The Face of the Moon

14. Schröter, Johann Hieronymus (1745-1816).

Selenotopographische Fragmente sur genauern Kenntniss der Mondfläche -- [vol. 1]. -- Lilienthal: auf Kosten des Verfassers, 1791.

The face of the moon is not only furrowed with craters, valleys, and seas, but it is laced with narrow clefts, or rills, and the honor of discovering the first lunar rills lies squarely in the lap of Johann Schröter. Schröter built his own private observatory in Lilienthal and stocked it with the finest telescopes available--including several reflectors made by William Herschel. His Fragments of Lunar Topography contains the results of a dozen years of observing; it has a large re-engraving of the Mayer moon map, and more importantly, dozens of engraved views of particular features of the lunar landscape. Especially noteworthy in Schröter's lunar studies was his practice of studying the same feature under different angles of illumination, by which he was able to get a much better idea of actual lunar topography. He even calculated the altitudes of many lunar mountains.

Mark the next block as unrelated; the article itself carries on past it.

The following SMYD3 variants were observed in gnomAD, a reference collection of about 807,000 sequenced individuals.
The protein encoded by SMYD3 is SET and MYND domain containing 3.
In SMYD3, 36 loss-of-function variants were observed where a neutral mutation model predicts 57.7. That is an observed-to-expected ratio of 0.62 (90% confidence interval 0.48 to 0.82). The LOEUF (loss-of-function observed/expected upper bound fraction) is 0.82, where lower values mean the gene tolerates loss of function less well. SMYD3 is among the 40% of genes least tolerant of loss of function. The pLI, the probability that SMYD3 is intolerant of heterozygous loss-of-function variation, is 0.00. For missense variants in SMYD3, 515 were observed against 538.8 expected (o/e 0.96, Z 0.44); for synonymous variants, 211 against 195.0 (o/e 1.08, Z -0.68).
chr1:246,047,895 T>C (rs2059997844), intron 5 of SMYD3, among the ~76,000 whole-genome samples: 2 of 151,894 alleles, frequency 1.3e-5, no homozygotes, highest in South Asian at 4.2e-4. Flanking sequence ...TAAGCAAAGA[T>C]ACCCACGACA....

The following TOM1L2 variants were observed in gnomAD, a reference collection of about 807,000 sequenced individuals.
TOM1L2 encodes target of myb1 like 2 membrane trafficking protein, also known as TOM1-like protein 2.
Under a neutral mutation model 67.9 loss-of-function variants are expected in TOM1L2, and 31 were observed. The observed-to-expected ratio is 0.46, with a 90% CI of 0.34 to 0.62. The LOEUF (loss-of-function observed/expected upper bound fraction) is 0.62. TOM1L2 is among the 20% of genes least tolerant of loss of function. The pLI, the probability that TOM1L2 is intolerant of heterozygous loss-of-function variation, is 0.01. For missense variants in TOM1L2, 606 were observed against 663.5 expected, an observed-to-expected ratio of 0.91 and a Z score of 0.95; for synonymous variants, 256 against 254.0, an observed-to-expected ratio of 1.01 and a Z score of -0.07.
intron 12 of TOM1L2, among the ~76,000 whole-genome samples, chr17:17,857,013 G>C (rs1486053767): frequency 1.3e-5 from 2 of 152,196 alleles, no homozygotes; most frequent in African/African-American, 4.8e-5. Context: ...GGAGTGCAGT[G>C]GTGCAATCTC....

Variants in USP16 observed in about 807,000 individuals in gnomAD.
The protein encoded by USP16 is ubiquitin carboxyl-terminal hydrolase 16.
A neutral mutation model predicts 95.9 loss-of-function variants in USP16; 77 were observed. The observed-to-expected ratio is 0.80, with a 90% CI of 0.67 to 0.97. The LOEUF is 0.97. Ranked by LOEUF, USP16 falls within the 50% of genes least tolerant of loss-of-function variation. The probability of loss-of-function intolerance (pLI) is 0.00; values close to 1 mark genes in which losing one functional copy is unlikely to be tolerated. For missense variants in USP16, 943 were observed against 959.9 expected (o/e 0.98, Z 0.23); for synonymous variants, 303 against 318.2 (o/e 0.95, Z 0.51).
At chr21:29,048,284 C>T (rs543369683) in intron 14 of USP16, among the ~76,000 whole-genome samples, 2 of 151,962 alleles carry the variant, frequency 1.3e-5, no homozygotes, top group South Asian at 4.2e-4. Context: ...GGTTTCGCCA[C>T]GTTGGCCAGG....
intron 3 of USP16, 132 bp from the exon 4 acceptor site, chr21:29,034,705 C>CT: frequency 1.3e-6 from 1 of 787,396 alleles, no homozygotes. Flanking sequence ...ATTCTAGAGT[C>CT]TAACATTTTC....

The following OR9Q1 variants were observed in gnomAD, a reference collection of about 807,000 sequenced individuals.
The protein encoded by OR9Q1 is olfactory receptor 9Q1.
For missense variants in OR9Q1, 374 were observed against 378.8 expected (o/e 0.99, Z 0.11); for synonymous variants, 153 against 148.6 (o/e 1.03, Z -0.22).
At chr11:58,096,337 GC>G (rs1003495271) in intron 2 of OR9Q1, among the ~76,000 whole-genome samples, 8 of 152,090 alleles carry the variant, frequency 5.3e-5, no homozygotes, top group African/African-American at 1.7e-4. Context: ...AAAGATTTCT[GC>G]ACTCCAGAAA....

image - click to enlarge

The most famous rill discovered by Schröter was later promoted to a valley and named in his honor. Schröter's Valley lies just northwest of the crater Aristarchus (for two views, see items 29 and 33.) He was also the first to publish a drawing of the renowned Straight Wall, which is depicted here just to the right of the crater Thebit in the lunar highlands. We now know that both the Straight Wall and Schröter's Valley were sketched a century earlier by Christian Huygens, but his manuscript drawings were not published until 1925.

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